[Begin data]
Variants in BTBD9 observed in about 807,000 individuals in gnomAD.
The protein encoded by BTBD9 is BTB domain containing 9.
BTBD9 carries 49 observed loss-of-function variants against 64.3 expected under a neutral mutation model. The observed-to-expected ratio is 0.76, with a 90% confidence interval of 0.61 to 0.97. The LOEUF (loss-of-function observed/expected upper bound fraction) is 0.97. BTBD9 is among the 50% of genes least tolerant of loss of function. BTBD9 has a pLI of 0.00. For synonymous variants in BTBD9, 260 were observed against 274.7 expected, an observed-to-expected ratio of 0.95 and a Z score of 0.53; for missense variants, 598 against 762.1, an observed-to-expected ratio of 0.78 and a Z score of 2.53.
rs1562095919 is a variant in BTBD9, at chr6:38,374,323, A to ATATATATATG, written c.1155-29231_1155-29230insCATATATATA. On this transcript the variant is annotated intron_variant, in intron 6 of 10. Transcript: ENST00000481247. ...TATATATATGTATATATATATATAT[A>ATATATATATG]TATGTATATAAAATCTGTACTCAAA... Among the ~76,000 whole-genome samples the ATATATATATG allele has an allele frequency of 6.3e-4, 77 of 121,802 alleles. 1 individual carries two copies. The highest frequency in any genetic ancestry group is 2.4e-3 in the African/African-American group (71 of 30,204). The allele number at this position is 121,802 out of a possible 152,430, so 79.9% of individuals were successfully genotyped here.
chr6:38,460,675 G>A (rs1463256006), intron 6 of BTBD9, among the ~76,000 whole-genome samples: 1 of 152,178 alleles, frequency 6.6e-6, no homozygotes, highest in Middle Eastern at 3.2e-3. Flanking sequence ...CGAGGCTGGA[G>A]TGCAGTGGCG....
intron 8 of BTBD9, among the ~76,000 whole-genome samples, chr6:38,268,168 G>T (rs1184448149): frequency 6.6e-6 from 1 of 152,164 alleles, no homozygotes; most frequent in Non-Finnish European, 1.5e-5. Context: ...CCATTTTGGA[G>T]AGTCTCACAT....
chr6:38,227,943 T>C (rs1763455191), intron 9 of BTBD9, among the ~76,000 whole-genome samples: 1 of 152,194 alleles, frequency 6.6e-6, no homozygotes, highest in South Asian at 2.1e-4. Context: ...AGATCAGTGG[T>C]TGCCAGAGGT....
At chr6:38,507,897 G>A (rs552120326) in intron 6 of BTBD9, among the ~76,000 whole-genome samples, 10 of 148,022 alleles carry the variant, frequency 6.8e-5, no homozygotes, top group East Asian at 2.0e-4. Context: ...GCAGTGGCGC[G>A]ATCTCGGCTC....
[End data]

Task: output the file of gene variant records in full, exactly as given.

Variants in BTBD9 observed in about 807,000 individuals in gnomAD.
The protein encoded by BTBD9 is BTB domain containing 9.
BTBD9 carries 49 observed loss-of-function variants against 64.3 expected under a neutral mutation model. The observed-to-expected ratio is 0.76, with a 90% confidence interval of 0.61 to 0.97. The LOEUF (loss-of-function observed/expected upper bound fraction) is 0.97. BTBD9 is among the 50% of genes least tolerant of loss of function. BTBD9 has a pLI of 0.00. For synonymous variants in BTBD9, 260 were observed against 274.7 expected, an observed-to-expected ratio of 0.95 and a Z score of 0.53; for missense variants, 598 against 762.1, an observed-to-expected ratio of 0.78 and a Z score of 2.53.
rs1562095919 is a variant in BTBD9, at chr6:38,374,323, A to ATATATATATG, written c.1155-29231_1155-29230insCATATATATA. On this transcript the variant is annotated intron_variant, in intron 6 of 10. Transcript: ENST00000481247. ...TATATATATGTATATATATATATAT[A>ATATATATATG]TATGTATATAAAATCTGTACTCAAA... Among the ~76,000 whole-genome samples the ATATATATATG allele has an allele frequency of 6.3e-4, 77 of 121,802 alleles. 1 individual carries two copies. The highest frequency in any genetic ancestry group is 2.4e-3 in the African/African-American group (71 of 30,204). The allele number at this position is 121,802 out of a possible 152,430, so 79.9% of individuals were successfully genotyped here.
chr6:38,460,675 G>A (rs1463256006), intron 6 of BTBD9, among the ~76,000 whole-genome samples: 1 of 152,178 alleles, frequency 6.6e-6, no homozygotes, highest in Middle Eastern at 3.2e-3. Flanking sequence ...CGAGGCTGGA[G>A]TGCAGTGGCG....
intron 8 of BTBD9, among the ~76,000 whole-genome samples, chr6:38,268,168 G>T (rs1184448149): frequency 6.6e-6 from 1 of 152,164 alleles, no homozygotes; most frequent in Non-Finnish European, 1.5e-5. Context: ...CCATTTTGGA[G>T]AGTCTCACAT....
chr6:38,227,943 T>C (rs1763455191), intron 9 of BTBD9, among the ~76,000 whole-genome samples: 1 of 152,194 alleles, frequency 6.6e-6, no homozygotes, highest in South Asian at 2.1e-4. Context: ...AGATCAGTGG[T>C]TGCCAGAGGT....
At chr6:38,507,897 G>A (rs552120326) in intron 6 of BTBD9, among the ~76,000 whole-genome samples, 10 of 148,022 alleles carry the variant, frequency 6.8e-5, no homozygotes, top group East Asian at 2.0e-4. Context: ...GCAGTGGCGC[G>A]ATCTCGGCTC....